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Shadow and Bone – Leigh Bardugo

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IT WAS A COMPLETE DISASTER.

Whelp…that was horribly disappointing…

I cannot begin to explain how utterly…blah this one was.

SO many people recommended it, and I honestly feel a bit awful with the low rating – but ehhh, what’s the point of goodreads if I can’t rant? 

How to Write a Hit YA Novel 101 

(In 5 easy steps!)

1. Make your main character ugly

“She’s an ugly little thing. No child should look like that.”

Like realllllllly ugly.

Pale and sour, like a glass of milk that’s turned.

And she must be skinny, but in the malnourished-and-kinda-hot sort of way.

AND REMEMBER 
– she can never be so ugly that the Generic Love Interest(s) aren’t attracted to her!

I’m sorry it took me so long to see you, Alina. But I see you now.

Your Main Character must be ugly enough so that all the little children reading your novels can relate, but not so ugly that Hollywood casts a troll to play her in the movie adaption.

2. Make her humble

“Well, I don’t want to be high above all others.”

Your Main Character has to come from the sticks, she has to have survived poverty and hardship. 

We really want that sympathy coming. She’s ugly, alone in the world and she sucks at everything. Make her clumsy, naive and outright stupid.

So humble that when she’s given clean clothes that her eyes well up in tears. At one point, your are legally obligated to give her an Oscar-worthy gown for some made up and utterly unimportant reason.

No matter how successful your Main Character is, you MUST make sure she is ABSOLUTELY MISERABLE with her success.

Tears are acceptable, outright bawling every two pages is preferred.

“A thousand girls would sell their own mothers to be in your shoes, and yet here you are, miserable and sulking like a child. So tell me, girl. What is your sad little heart pining for?”

It’s probably best to off one of her parents – scratch that – make her an orphan. 

An unlovable orphan.

Perfect. 

Now bring in the two hot guys. Let’s make a love triangle.

3. The Love Triangle

Thanks for being my best friend and making my life bearable. Oh, and sorry I fell in love with you for a while there.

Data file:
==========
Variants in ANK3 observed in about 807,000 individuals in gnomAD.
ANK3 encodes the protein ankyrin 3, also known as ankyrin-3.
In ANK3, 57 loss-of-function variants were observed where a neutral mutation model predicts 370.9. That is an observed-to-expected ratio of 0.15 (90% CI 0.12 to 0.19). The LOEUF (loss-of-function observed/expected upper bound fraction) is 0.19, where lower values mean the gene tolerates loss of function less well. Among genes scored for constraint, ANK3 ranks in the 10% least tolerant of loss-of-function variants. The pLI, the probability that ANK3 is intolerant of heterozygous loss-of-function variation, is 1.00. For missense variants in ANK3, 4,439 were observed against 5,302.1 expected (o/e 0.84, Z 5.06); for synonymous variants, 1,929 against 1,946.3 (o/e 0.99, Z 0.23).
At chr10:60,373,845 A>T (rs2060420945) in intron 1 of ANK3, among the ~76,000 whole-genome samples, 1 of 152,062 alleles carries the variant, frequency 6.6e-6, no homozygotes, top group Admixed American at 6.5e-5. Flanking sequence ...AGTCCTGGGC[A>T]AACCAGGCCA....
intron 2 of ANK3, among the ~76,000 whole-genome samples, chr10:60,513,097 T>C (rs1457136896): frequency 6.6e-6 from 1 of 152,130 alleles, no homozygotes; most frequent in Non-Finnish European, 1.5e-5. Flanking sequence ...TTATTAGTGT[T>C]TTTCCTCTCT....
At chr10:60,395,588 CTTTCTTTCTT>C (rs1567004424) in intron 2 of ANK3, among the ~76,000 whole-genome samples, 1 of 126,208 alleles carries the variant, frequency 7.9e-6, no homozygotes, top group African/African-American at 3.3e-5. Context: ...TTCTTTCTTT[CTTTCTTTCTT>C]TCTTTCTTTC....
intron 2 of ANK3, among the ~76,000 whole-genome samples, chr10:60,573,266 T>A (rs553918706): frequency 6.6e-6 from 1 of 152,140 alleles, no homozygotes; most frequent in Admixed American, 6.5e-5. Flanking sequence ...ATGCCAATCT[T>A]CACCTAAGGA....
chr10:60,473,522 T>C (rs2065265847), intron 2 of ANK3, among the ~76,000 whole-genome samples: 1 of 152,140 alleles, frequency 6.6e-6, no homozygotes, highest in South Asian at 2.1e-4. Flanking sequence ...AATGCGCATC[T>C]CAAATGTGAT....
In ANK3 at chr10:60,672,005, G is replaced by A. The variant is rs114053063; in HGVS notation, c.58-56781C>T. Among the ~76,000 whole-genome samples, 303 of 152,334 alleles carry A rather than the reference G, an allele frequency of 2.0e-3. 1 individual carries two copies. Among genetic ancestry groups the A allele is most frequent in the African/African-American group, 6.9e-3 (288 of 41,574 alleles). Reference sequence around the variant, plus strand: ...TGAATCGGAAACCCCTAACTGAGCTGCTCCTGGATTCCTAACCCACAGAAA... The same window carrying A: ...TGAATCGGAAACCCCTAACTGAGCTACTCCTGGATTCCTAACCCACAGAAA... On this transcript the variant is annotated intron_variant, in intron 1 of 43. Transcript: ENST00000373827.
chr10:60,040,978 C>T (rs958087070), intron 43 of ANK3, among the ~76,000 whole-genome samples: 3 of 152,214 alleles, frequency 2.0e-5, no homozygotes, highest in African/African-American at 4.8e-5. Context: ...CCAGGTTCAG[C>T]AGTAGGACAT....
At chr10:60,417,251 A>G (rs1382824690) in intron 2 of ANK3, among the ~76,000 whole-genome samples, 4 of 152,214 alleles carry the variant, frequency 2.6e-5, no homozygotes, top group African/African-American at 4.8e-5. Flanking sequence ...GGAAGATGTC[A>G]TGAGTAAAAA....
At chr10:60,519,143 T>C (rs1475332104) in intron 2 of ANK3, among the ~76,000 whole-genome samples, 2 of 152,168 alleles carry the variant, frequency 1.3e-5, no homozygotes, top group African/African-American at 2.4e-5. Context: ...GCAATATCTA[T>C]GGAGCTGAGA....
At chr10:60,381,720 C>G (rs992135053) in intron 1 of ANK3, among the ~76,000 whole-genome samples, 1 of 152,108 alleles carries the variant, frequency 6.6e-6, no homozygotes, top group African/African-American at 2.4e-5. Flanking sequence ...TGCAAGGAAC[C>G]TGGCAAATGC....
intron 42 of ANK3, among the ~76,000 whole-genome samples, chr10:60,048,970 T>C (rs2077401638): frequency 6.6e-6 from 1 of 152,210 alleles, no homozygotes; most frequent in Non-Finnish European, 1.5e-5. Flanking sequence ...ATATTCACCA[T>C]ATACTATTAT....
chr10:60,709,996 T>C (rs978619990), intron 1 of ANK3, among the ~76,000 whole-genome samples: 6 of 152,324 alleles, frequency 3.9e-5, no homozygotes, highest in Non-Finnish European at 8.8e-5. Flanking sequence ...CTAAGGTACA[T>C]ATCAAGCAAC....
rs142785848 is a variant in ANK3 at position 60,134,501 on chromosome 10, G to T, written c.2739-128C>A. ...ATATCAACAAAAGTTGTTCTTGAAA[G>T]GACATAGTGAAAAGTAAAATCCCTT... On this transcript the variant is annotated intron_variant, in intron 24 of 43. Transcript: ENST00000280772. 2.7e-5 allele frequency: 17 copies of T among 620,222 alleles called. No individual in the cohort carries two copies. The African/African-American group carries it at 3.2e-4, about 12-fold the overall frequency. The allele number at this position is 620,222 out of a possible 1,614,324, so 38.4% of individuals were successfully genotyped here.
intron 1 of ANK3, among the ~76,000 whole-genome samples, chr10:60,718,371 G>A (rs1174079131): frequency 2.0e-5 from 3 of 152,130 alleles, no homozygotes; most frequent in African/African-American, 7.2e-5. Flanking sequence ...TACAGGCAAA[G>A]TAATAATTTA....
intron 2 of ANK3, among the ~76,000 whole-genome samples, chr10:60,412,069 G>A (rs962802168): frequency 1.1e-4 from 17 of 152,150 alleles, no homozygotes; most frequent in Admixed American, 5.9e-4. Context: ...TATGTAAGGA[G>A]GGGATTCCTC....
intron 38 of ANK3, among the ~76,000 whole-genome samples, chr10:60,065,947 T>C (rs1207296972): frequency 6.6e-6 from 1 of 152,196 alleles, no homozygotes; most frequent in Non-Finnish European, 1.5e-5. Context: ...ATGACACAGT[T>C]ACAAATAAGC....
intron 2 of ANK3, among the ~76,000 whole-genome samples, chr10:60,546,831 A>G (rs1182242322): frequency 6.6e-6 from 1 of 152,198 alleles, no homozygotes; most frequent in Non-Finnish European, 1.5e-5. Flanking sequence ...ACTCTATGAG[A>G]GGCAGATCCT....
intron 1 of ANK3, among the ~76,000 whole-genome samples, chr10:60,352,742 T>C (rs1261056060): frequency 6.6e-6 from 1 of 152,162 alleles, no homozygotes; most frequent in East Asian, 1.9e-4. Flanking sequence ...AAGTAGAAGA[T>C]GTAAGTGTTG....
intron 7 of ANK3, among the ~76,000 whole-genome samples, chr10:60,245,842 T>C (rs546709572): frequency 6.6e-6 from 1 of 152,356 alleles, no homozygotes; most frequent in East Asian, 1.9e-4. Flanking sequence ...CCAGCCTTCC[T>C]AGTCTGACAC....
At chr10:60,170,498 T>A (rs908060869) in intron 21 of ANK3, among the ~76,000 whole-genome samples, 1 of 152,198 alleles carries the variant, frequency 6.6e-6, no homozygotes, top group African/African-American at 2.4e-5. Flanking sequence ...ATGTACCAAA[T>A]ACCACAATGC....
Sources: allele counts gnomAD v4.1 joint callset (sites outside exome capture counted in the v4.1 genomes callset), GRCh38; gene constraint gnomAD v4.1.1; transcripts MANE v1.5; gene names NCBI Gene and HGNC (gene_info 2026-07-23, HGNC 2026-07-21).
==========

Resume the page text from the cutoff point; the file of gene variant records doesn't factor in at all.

So. Now that she’s an ugly, unlovable orphan, what does she need in her life?

Option A. The boy-next-door love interest

Option B. The super-hot-supernatural love interest

A few notes here:

While it is completely okay and acceptable for your Main Character to be ugly-skinny, both males MUST be strapping fine specimens of their species. Ripped and buff. No skinny-minnies allowed.

Option A (our homespun hero) has to be tall, broad shouldered, tanned and have an easy-going nature.

While Option A is allowed to pine for Main Character, the two of them must NEVER EVER mutually like each other at the same time. If they do, there will be consequences.

Option B (our tall-dark-and-handsome) has to fit the description. He may be pale, but in a luminous way (NEVER in a spends-too-much-time-behind-a-computer sort of way).

In addition, Option B MUST display at least four of the following traits: Sullen, Argumentative, Controlling, Dominating, Sexually Aggressive, Outright Abusive, and Murderous (but in a hot way).

(As you can see, we are setting sweet and stable Option A up for failure. The key is to always steer your vulnerable orphan towards the “spicier” Option B.)

NOTE: If the supernatural love interest isn’t older than your Main Character by at least 100 years, it is creepy.

“I’ve been waiting for you a long time, Alina,” he said. “You and I are going to change the world.”

4. Good VS Evil 

Now, remember, your audience is around 12-17 so it’s best to make the plot fresh, engaging and exciting.

I’d recommend with Generic Good Vs Generic Evil.